Sunkist Growers Inc., the citrus farmers' cooperative whose well-known trademark has made it a dominant force among Arizona and California growers, is considering expanding into Florida.
The cooperative is thinking about selling fruit from Florida because there's little chance of expanding citrus production in Arizona and California due to urban encroachment on citrus groves and the skyrocketing costs of water in the Southwest. Florida remains the state with the largest citrus crop.
The cooperative, based in Sherman Oaks, is projected to do nearly $1 billion in sales in 1989. It has sent three teams of executives and directors to Florida to talk with growers and packers of lemons, tangerines and grapefruit. A fourth team will visit the state in January to talk with orange growers.
But Sunkist officials stressed that they haven't yet decided whether to expand to Florida. "We don't have a consensus even among our current members," Sunkist President Russell L. Hanlin said. "It's too early even to put the question to them." The cooperative may make a decision next summer, said Curtis W. Anderson, vice president of public relations.
Sunkist is a grower-owned cooperative of about 6,000 citrus farmers in Arizona and California who account for about 65% of citrus fruit production in the two states. The cooperative packs the growers' fruit, advertises and sells it, then pays the growers most of the proceeds back, minus a fee. For the growers, it saves the work and worry of actually marketing their fruit.
In 1988, when Sunkist had revenues of about $887 million, it returned about $640 million to members, and after Sunkist's costs of $241 million, the cooperative's retained income was $6 million before taxes.
The cooperative is best known for its sales of fresh fruit under the Sunkist name, coined by ad men in 1909. But it also was paid about $10 million in 1988 under licensing agreements that allow other companies to use the name. Cadbury Schweppes Inc., for example, sells Sunkist orange drink.
If Sunkist decides to sell Florida fruit, it would probably not seek new members there, at least early on. The cooperative would simply charge a fee to market the citrus and then plow back the profits from selling Florida fruit to reduce fees for its California and Arizona growers. It could later seek members in Florida.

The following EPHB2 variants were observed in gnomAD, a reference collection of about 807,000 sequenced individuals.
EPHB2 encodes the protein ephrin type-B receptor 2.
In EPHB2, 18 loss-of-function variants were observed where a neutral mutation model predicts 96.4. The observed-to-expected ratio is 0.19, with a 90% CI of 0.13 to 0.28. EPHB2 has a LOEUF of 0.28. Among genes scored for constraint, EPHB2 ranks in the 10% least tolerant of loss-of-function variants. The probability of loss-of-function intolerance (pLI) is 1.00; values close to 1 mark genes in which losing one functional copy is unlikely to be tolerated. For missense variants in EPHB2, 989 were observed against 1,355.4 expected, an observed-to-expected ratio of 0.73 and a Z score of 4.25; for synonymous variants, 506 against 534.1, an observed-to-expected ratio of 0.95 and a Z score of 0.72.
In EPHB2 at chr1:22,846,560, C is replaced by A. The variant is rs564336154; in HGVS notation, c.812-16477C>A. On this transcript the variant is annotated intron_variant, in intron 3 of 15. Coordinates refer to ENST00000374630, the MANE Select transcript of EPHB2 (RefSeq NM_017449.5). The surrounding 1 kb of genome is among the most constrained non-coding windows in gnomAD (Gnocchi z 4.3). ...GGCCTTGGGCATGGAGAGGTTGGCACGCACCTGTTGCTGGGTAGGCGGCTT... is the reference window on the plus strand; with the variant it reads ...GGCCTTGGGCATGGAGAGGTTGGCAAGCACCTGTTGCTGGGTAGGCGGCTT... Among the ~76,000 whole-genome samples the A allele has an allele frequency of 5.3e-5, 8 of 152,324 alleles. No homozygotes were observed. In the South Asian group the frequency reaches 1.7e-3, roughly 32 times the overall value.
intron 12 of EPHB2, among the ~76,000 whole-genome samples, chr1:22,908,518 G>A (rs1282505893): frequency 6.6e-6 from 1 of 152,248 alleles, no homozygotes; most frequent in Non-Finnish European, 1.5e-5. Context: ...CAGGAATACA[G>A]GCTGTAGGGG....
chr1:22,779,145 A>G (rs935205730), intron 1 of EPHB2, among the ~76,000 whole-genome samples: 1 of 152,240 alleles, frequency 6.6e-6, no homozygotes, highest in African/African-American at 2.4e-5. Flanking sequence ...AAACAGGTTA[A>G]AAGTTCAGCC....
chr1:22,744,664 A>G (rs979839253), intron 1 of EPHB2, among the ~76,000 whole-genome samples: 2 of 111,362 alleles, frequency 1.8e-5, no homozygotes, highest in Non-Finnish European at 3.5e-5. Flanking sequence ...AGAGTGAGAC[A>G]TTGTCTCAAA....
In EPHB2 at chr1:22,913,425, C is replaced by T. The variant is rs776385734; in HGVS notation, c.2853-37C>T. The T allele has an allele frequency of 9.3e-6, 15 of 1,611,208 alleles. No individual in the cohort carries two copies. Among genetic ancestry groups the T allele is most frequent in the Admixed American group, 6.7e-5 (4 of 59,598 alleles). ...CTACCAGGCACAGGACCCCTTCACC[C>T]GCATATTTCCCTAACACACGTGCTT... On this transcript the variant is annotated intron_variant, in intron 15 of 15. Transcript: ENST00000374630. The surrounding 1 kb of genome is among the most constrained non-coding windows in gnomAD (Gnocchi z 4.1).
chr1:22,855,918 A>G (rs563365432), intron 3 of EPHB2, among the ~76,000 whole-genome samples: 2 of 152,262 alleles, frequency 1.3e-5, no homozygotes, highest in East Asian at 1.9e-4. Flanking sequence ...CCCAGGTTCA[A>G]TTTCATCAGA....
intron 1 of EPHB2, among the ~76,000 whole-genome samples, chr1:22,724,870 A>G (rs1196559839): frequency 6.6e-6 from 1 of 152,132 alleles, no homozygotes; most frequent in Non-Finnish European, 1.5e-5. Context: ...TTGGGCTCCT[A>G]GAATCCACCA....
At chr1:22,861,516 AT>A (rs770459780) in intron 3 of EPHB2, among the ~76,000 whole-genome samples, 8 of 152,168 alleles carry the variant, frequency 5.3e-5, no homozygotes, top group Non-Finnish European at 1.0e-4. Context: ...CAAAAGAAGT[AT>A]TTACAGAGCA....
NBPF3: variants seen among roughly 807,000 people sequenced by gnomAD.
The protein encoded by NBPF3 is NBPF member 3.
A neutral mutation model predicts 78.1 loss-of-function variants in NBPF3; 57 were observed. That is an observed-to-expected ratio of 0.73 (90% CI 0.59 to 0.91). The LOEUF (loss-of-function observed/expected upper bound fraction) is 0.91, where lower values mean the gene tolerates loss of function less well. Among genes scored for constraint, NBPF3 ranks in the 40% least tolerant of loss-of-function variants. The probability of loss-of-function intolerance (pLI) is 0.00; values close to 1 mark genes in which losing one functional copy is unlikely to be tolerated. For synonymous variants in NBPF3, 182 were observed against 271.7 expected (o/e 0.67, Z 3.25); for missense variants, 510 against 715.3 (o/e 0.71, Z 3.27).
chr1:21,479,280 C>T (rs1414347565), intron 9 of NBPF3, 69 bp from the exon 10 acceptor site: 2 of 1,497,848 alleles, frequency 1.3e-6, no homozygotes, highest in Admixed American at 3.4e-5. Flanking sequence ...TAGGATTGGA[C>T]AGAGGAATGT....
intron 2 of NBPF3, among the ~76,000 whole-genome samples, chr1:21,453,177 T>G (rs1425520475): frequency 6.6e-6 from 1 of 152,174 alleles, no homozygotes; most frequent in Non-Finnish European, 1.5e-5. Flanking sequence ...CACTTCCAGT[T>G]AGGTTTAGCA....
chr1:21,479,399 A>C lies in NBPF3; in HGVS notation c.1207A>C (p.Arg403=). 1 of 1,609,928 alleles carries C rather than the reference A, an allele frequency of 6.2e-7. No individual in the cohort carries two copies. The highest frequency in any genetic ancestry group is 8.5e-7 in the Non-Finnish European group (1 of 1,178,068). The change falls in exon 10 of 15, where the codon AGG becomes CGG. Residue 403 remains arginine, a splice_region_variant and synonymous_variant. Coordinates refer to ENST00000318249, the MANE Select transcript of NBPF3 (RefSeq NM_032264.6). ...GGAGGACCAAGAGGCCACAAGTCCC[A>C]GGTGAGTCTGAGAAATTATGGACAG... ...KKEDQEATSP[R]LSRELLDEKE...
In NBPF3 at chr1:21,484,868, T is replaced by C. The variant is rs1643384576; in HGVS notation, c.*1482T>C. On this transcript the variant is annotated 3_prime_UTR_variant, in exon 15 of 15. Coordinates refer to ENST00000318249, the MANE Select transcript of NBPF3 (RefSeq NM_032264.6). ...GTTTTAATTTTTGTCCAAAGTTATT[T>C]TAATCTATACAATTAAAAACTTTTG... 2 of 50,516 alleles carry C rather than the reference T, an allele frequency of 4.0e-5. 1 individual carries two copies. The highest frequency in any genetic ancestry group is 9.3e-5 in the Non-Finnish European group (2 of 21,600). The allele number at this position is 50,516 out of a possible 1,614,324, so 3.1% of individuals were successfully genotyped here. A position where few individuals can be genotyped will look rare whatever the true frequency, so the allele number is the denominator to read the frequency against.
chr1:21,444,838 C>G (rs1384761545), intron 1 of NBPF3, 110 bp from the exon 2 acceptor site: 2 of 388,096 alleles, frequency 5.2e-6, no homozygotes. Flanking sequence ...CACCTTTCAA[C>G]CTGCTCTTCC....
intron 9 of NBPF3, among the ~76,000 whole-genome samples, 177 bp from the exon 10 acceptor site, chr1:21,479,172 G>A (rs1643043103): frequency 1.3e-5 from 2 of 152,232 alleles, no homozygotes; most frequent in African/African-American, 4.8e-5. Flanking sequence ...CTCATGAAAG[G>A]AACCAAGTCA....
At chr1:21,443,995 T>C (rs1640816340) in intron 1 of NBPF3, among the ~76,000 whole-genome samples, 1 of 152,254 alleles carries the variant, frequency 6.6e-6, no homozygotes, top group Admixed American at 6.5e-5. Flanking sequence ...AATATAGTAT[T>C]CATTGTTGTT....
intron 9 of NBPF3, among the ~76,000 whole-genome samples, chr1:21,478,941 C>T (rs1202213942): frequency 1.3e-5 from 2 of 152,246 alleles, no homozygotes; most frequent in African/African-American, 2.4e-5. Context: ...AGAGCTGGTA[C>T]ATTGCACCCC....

The impetus for expanding comes from a need to keep pace with the recent consolidations of grocery chains. "We don't want to be whip-sawed simply by the disparity in size between the buyer and the seller," Hanlin said. As the market chains get bigger, they demand lower prices and a more consistent supply of fruit.
With 33 sales offices throughout North America, Anderson said, Sunkist has plenty of excess capacity to market more fruit without spending more money.
But California and Arizona--despite their size--don't have much room left for new citrus groves. The two states have lost about 40,000 acres of citrus-growing land in the last five to eight years, Anderson said.
Meanwhile, the high cost of water where there is room to expand--in places like the eastern San Joaquin Valley--makes it unlikely that citrus production throughout Arizona and California will do more than level out in the next few years.
In Florida, it's a different story. Although the state lost more than 200,000 acres of citrus groves as a result of freezes in 1983 and 1985, new groves are being planted, especially in southern Florida. Hanlin said, "We believe as the Florida crop grows, they're going to need some additions to their marketing facilities."
What does Florida think about Sunkist's idea?
"The citrus industry is growing and there's room for everybody," said Cathy Clay, a spokeswoman for the Florida Department of Citrus, which levies a fee on growers and spends about $77 million a year advertising the state's fruit. Florida does have some citrus cooperatives, but none on a scale to match Sunkist.
Although 94% of Florida-grown oranges and about 57% of its grapefruit wind up as juice, rather than sold fresh in grocery stores, Sunkist would concentrate on marketing Florida fruit fresh. That would reflect the cooperative's current emphasis; about 70% of California and Arizona fruit is sold whole.
Florida's humidity helps produce juicier oranges than those typically grown here. By comparison, cool nights in California and Arizona make for better-looking fruit.